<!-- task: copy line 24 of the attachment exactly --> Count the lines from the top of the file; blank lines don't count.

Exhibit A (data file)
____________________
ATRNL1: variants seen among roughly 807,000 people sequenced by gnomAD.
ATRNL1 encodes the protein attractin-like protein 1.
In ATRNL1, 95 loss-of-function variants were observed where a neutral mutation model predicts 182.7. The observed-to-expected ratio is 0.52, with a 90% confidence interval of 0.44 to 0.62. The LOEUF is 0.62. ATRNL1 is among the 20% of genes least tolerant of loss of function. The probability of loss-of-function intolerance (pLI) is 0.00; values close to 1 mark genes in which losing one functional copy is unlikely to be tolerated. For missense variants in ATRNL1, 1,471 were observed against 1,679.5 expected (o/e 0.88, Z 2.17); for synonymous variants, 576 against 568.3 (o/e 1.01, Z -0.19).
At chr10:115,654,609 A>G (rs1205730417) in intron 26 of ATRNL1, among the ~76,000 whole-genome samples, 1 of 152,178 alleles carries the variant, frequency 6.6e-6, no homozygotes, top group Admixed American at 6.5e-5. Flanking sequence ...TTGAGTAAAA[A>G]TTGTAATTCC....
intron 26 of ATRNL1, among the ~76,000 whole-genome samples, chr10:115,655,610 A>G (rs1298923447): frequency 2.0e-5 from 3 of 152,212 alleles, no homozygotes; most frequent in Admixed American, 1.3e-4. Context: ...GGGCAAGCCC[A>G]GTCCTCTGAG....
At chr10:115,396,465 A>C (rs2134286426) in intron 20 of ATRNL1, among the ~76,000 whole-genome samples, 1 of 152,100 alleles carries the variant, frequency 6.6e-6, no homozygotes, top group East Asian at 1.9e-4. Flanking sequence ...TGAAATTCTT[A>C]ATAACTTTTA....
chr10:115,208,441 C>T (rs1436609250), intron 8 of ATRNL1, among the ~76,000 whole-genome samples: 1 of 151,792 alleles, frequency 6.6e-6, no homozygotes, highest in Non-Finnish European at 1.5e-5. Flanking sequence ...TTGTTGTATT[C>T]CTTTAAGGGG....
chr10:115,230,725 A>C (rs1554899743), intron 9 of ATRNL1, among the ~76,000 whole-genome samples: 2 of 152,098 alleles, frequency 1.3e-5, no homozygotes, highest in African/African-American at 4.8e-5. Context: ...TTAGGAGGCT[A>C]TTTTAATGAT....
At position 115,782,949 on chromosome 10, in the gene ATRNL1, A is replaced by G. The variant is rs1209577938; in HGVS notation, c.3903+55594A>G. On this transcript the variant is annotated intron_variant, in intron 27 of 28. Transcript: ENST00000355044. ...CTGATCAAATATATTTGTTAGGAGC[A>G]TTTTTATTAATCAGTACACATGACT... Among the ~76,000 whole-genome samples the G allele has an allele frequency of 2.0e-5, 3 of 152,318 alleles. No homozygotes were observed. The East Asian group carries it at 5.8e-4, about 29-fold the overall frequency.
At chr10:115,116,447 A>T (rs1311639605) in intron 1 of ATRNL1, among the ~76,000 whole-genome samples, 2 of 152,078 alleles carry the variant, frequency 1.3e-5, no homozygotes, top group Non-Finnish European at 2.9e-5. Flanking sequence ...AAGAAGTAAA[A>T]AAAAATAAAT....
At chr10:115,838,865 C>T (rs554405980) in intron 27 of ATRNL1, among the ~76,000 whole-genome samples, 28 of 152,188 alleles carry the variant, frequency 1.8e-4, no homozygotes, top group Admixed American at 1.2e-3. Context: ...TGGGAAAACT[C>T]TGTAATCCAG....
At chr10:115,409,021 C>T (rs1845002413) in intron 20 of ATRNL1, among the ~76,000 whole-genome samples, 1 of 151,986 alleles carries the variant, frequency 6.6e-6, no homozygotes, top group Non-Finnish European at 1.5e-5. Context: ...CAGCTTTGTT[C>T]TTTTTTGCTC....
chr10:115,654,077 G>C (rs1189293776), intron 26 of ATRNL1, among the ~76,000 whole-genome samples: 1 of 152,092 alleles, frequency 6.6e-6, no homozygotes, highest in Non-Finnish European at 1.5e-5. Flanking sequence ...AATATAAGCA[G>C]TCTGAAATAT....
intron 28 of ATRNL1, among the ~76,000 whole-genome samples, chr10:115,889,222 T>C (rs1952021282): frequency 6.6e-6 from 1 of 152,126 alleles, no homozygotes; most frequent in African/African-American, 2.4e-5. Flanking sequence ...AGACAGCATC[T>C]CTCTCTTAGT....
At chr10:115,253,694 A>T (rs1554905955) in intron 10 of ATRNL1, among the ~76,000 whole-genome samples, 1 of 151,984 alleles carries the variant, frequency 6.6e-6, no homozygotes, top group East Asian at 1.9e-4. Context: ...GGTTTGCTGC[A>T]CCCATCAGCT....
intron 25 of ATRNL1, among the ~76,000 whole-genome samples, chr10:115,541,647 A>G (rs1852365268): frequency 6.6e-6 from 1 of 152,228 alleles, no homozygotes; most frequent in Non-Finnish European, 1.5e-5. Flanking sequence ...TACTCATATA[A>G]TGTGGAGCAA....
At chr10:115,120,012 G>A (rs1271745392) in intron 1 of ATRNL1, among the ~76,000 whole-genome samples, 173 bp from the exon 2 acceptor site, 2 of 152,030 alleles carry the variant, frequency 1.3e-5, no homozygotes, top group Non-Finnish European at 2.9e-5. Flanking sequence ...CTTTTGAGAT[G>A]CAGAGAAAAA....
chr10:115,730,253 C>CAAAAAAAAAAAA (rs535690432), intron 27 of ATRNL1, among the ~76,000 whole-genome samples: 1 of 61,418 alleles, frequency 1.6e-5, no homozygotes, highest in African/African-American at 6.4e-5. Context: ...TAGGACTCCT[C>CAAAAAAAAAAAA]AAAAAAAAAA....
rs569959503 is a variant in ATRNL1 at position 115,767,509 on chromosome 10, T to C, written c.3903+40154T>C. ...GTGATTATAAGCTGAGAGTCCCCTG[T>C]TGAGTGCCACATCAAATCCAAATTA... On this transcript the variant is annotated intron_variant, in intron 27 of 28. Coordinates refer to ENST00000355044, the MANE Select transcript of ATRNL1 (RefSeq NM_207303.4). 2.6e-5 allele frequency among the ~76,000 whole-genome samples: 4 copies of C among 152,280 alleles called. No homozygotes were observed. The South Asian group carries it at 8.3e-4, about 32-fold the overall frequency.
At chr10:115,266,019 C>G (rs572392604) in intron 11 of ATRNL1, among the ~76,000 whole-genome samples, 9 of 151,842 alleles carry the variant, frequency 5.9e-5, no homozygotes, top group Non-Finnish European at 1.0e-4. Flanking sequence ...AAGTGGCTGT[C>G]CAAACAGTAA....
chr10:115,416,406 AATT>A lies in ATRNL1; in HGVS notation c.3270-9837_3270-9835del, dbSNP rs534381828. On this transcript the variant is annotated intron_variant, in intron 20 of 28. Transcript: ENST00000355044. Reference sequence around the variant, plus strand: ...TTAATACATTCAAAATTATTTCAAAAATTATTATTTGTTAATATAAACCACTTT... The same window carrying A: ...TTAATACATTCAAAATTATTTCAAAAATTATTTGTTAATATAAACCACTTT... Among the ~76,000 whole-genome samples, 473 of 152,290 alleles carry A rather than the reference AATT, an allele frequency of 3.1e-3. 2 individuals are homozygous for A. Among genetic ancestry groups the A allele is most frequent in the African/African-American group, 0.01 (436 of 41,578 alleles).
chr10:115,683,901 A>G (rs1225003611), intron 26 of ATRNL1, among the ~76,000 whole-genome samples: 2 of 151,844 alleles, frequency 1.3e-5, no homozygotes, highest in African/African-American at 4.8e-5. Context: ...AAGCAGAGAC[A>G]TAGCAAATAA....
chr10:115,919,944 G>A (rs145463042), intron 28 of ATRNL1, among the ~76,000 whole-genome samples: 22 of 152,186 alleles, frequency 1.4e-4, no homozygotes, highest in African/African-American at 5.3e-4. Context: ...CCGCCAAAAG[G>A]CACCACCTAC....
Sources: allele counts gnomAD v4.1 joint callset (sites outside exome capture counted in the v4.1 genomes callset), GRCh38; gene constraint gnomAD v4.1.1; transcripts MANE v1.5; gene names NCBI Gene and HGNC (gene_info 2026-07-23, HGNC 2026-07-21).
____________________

Sources: allele counts gnomAD v4.1 joint callset (sites outside exome capture counted in the v4.1 genomes callset), GRCh38; gene constraint gnomAD v4.1.1; transcripts MANE v1.5; gene names NCBI Gene and HGNC (gene_info 2026-07-23, HGNC 2026-07-21).